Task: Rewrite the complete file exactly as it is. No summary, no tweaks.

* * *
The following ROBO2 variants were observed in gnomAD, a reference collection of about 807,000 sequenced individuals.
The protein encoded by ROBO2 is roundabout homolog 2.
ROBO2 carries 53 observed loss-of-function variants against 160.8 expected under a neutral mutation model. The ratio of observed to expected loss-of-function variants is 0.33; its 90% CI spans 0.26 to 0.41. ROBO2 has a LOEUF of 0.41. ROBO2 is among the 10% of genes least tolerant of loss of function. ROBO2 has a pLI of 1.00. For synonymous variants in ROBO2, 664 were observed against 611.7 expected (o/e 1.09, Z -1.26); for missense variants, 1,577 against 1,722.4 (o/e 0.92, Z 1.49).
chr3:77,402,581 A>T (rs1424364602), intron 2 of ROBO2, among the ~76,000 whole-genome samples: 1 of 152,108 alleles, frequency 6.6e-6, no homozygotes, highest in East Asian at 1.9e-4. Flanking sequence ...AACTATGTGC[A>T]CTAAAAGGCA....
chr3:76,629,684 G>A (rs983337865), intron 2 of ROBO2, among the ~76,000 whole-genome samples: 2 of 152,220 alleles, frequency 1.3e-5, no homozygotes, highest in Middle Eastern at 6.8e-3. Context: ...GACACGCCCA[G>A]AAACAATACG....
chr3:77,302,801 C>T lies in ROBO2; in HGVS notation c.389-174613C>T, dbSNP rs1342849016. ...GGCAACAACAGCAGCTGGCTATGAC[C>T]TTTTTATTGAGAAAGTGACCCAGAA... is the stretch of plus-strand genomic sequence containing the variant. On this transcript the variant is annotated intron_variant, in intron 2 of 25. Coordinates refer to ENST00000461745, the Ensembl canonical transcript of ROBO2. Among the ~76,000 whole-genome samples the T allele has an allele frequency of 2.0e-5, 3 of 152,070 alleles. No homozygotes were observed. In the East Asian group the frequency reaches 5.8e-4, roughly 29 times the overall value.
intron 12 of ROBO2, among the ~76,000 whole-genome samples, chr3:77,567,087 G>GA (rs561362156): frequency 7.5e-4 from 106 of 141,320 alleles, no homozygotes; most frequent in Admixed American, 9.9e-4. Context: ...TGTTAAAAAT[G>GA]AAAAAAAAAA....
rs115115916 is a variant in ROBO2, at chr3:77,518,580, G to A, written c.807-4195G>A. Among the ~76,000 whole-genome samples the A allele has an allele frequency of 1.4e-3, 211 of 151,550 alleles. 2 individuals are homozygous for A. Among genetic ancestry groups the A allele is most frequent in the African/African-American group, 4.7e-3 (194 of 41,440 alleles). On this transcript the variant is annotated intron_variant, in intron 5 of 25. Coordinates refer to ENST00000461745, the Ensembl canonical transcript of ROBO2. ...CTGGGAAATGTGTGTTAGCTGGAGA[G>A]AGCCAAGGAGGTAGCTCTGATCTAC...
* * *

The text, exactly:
The following ROBO2 variants were observed in gnomAD, a reference collection of about 807,000 sequenced individuals.
The protein encoded by ROBO2 is roundabout homolog 2.
ROBO2 carries 53 observed loss-of-function variants against 160.8 expected under a neutral mutation model. The ratio of observed to expected loss-of-function variants is 0.33; its 90% CI spans 0.26 to 0.41. ROBO2 has a LOEUF of 0.41. ROBO2 is among the 10% of genes least tolerant of loss of function. ROBO2 has a pLI of 1.00. For synonymous variants in ROBO2, 664 were observed against 611.7 expected (o/e 1.09, Z -1.26); for missense variants, 1,577 against 1,722.4 (o/e 0.92, Z 1.49).
chr3:77,402,581 A>T (rs1424364602), intron 2 of ROBO2, among the ~76,000 whole-genome samples: 1 of 152,108 alleles, frequency 6.6e-6, no homozygotes, highest in East Asian at 1.9e-4. Flanking sequence ...AACTATGTGC[A>T]CTAAAAGGCA....
chr3:76,629,684 G>A (rs983337865), intron 2 of ROBO2, among the ~76,000 whole-genome samples: 2 of 152,220 alleles, frequency 1.3e-5, no homozygotes, highest in Middle Eastern at 6.8e-3. Context: ...GACACGCCCA[G>A]AAACAATACG....
chr3:77,302,801 C>T lies in ROBO2; in HGVS notation c.389-174613C>T, dbSNP rs1342849016. ...GGCAACAACAGCAGCTGGCTATGAC[C>T]TTTTTATTGAGAAAGTGACCCAGAA... is the stretch of plus-strand genomic sequence containing the variant. On this transcript the variant is annotated intron_variant, in intron 2 of 25. Coordinates refer to ENST00000461745, the Ensembl canonical transcript of ROBO2. Among the ~76,000 whole-genome samples the T allele has an allele frequency of 2.0e-5, 3 of 152,070 alleles. No homozygotes were observed. In the East Asian group the frequency reaches 5.8e-4, roughly 29 times the overall value.
intron 12 of ROBO2, among the ~76,000 whole-genome samples, chr3:77,567,087 G>GA (rs561362156): frequency 7.5e-4 from 106 of 141,320 alleles, no homozygotes; most frequent in Admixed American, 9.9e-4. Context: ...TGTTAAAAAT[G>GA]AAAAAAAAAA....
rs115115916 is a variant in ROBO2, at chr3:77,518,580, G to A, written c.807-4195G>A. Among the ~76,000 whole-genome samples the A allele has an allele frequency of 1.4e-3, 211 of 151,550 alleles. 2 individuals are homozygous for A. Among genetic ancestry groups the A allele is most frequent in the African/African-American group, 4.7e-3 (194 of 41,440 alleles). On this transcript the variant is annotated intron_variant, in intron 5 of 25. Coordinates refer to ENST00000461745, the Ensembl canonical transcript of ROBO2. ...CTGGGAAATGTGTGTTAGCTGGAGA[G>A]AGCCAAGGAGGTAGCTCTGATCTAC...